Clark’s persona is either pitched as pixie-like, or confessional, but is most accurately off kilter. Her songs remind me of a sweaty, tense Tennessee Williams play set in the South; everything is in order, but something is very wrong, though the oddities have to emerge from the woodwork (or the gilded bed frame.) Her vulnerability is real; “The Year of the Tiger” deals with her difficult year and her discussion of the songwriting process left no suggestion that these songs were about somebody else. But the choreographed lights (whose properties were apropos of the songs: sharp as knives during “Surgeon” and ice-cream colored on “Northern Lights”) and gold-framed stage brought to mind one of David Lynch’s solitary songstresses, like the bar singer in Twin Peaks, whose overwrought aesthetics show that something is off in his alternate universe. Her work definitely has an edge, but it’s a controlled, precise edge, like that of Tom Verlaine, the genius guitarist behind Television, and such craftsmanship makes the eeriness of her work possible – more than would be conceivable with nothing more than rough guitar accompaniment, as would befit the prototypical “raw” sound.
Interestingly, the moment when she seemed at her most obviously vulnerable came when she played her one cover of the night. When she prepped the crowd for a version of The Pop Group’s “She Is Beyond Good and Evil” and discovered, at the lack of response, that few in the audience had heard of them. Yet suddenly, she seemed all the more in her element, channeling the frenetic, punk roots of her sound that can easily be forgotten in the beautiful production for which she has become renowned. And it marked to me a far greater shift than did the vulnerability of her original lyrics, as her covers in the past have been fairly tame and well known; e.g. Jackson Browne’s “These Days” and “Dig a Pony” by The Beatles, both of which served a more bourgeois aesthetic. In covering TPG, something came unhinged, her guitar riffs let go of their punctuated control, and she sounded more like Iggy Pop. Wedged in the middle of the set, it contrasted wonderfully with her own work, which she executed very differently.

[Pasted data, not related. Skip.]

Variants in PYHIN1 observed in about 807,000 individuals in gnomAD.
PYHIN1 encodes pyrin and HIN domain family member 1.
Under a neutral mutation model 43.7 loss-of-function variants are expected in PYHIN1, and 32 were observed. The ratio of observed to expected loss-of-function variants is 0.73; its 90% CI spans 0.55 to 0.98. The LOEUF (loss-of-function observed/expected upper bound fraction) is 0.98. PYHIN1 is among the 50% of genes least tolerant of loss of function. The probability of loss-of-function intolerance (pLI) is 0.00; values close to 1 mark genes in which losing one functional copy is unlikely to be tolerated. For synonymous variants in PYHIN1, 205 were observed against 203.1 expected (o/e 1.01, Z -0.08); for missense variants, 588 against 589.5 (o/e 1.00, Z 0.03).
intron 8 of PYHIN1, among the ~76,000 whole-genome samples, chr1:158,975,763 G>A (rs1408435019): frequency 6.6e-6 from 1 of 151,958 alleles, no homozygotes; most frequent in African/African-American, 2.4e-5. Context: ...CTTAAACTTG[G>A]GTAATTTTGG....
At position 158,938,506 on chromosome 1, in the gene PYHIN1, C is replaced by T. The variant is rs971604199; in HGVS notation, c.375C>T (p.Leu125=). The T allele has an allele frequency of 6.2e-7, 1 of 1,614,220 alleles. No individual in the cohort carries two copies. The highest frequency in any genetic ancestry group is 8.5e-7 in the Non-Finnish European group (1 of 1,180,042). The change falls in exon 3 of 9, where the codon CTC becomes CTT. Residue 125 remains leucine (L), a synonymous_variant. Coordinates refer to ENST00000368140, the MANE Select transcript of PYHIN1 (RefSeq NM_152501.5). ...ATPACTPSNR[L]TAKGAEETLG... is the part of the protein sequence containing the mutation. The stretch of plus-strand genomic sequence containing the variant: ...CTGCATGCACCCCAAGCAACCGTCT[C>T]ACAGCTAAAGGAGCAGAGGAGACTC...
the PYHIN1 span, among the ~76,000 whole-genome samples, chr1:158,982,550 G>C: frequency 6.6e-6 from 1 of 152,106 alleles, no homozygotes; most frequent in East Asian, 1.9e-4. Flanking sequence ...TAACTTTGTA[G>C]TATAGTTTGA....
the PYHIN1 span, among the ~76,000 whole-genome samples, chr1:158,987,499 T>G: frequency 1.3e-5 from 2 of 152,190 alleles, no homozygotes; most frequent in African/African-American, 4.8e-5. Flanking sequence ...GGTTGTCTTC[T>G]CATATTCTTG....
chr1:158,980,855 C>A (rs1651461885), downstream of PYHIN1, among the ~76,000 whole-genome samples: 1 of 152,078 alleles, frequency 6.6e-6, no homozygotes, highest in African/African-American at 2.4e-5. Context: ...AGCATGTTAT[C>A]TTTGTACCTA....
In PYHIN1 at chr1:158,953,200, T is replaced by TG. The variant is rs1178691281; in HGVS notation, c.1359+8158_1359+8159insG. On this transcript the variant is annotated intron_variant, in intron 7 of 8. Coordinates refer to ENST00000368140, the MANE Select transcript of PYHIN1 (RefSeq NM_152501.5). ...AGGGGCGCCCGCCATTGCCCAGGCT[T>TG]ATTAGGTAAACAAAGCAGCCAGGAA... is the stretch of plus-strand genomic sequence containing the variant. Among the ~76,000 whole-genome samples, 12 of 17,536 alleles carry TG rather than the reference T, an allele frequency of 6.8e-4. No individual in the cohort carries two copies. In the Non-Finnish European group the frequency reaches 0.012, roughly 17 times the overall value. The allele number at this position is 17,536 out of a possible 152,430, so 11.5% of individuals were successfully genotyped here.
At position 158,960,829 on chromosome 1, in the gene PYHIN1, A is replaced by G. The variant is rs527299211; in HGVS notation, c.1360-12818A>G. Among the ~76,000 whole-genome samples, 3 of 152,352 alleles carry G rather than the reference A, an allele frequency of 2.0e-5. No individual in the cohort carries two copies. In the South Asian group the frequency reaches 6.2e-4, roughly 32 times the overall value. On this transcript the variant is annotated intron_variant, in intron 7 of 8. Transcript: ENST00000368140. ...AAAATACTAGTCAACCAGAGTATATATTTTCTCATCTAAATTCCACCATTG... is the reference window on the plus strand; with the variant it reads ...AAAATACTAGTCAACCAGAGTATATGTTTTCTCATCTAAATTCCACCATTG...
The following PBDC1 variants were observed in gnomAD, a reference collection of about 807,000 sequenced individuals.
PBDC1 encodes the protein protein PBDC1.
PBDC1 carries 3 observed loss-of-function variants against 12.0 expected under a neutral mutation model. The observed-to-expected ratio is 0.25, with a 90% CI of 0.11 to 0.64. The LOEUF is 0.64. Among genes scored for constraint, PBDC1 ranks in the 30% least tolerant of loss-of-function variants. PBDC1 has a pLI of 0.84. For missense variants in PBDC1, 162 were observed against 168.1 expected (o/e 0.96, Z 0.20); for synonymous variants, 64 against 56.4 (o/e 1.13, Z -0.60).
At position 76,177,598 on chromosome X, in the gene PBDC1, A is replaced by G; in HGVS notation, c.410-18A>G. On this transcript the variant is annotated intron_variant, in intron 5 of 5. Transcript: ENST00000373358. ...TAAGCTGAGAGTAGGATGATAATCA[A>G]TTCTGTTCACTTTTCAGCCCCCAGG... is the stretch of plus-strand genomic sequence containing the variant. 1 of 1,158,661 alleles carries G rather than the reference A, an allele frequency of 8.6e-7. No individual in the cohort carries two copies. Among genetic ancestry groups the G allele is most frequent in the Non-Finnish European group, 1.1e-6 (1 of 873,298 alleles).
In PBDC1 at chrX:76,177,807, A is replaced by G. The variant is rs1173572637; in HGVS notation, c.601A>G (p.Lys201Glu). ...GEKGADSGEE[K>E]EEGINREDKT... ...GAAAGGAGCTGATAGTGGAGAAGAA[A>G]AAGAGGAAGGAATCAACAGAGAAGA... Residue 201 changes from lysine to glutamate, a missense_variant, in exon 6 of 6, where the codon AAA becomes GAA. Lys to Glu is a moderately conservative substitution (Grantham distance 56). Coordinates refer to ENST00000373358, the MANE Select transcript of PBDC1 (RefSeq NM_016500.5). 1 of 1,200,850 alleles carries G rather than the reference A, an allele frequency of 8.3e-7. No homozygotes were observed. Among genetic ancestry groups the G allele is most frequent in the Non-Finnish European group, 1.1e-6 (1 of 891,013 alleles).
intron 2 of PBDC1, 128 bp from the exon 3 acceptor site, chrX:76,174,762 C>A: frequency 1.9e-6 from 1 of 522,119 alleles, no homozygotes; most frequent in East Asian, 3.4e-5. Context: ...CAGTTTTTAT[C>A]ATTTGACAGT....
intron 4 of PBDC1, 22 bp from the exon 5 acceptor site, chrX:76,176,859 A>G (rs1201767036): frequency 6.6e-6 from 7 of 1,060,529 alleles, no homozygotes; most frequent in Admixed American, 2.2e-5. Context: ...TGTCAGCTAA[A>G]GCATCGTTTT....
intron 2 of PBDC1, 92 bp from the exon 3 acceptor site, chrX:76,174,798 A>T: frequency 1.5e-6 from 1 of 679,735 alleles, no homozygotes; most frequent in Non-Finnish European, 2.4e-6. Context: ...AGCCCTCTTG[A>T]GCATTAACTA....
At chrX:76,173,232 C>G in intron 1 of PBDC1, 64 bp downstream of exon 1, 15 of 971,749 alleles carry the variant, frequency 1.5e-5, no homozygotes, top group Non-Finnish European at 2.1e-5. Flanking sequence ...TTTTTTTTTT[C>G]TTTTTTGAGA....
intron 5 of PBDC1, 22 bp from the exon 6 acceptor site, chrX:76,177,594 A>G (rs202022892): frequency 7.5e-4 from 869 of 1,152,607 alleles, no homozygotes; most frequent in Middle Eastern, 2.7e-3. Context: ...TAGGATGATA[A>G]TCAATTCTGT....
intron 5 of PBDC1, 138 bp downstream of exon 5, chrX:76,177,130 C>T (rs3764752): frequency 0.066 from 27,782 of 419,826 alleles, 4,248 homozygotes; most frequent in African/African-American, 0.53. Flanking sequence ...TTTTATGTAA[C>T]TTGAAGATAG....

For all of St. Vincent’s third-album yearnings to not be just another “cheerleader,” who “tell[s] people what they want to hear,” her concert convinced me that the process of has left her all the more self-assured as a performer and all that such a designator carries with it. No longer content to be played by those around her, she knows how to draw us in. Her sheen is all the sweeter and her edge is all the rougher, but most importantly, both spring from a singular alternate universe that she has created, populated by dilettantes, disappointed characters from New-Wave films, and mistreated maids – all of them far more interesting than my turn as a naked organist.